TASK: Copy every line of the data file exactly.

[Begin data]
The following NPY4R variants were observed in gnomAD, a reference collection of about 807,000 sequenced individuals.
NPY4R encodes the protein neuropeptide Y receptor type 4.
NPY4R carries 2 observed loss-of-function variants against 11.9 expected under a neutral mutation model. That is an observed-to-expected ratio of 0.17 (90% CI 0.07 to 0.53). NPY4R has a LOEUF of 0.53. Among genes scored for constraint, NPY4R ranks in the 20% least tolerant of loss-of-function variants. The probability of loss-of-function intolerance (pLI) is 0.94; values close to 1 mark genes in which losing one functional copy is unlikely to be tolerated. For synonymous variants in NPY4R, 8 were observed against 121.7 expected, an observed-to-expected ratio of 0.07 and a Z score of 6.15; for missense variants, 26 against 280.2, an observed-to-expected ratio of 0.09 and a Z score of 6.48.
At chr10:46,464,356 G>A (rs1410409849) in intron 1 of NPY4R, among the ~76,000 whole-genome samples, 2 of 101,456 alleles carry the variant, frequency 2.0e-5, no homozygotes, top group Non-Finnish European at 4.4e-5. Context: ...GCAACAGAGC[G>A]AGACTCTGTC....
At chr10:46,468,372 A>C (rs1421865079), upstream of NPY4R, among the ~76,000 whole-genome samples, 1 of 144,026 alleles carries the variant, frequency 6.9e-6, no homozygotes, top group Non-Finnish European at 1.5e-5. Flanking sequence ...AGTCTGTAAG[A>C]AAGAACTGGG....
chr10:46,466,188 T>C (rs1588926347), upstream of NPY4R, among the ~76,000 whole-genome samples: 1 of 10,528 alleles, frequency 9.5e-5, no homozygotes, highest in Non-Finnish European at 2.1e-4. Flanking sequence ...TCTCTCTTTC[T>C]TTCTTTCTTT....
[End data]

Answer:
The following NPY4R variants were observed in gnomAD, a reference collection of about 807,000 sequenced individuals.
NPY4R encodes the protein neuropeptide Y receptor type 4.
NPY4R carries 2 observed loss-of-function variants against 11.9 expected under a neutral mutation model. That is an observed-to-expected ratio of 0.17 (90% CI 0.07 to 0.53). NPY4R has a LOEUF of 0.53. Among genes scored for constraint, NPY4R ranks in the 20% least tolerant of loss-of-function variants. The probability of loss-of-function intolerance (pLI) is 0.94; values close to 1 mark genes in which losing one functional copy is unlikely to be tolerated. For synonymous variants in NPY4R, 8 were observed against 121.7 expected, an observed-to-expected ratio of 0.07 and a Z score of 6.15; for missense variants, 26 against 280.2, an observed-to-expected ratio of 0.09 and a Z score of 6.48.
At chr10:46,464,356 G>A (rs1410409849) in intron 1 of NPY4R, among the ~76,000 whole-genome samples, 2 of 101,456 alleles carry the variant, frequency 2.0e-5, no homozygotes, top group Non-Finnish European at 4.4e-5. Context: ...GCAACAGAGC[G>A]AGACTCTGTC....
At chr10:46,468,372 A>C (rs1421865079), upstream of NPY4R, among the ~76,000 whole-genome samples, 1 of 144,026 alleles carries the variant, frequency 6.9e-6, no homozygotes, top group Non-Finnish European at 1.5e-5. Flanking sequence ...AGTCTGTAAG[A>C]AAGAACTGGG....
chr10:46,466,188 T>C (rs1588926347), upstream of NPY4R, among the ~76,000 whole-genome samples: 1 of 10,528 alleles, frequency 9.5e-5, no homozygotes, highest in Non-Finnish European at 2.1e-4. Flanking sequence ...TCTCTCTTTC[T>C]TTCTTTCTTT....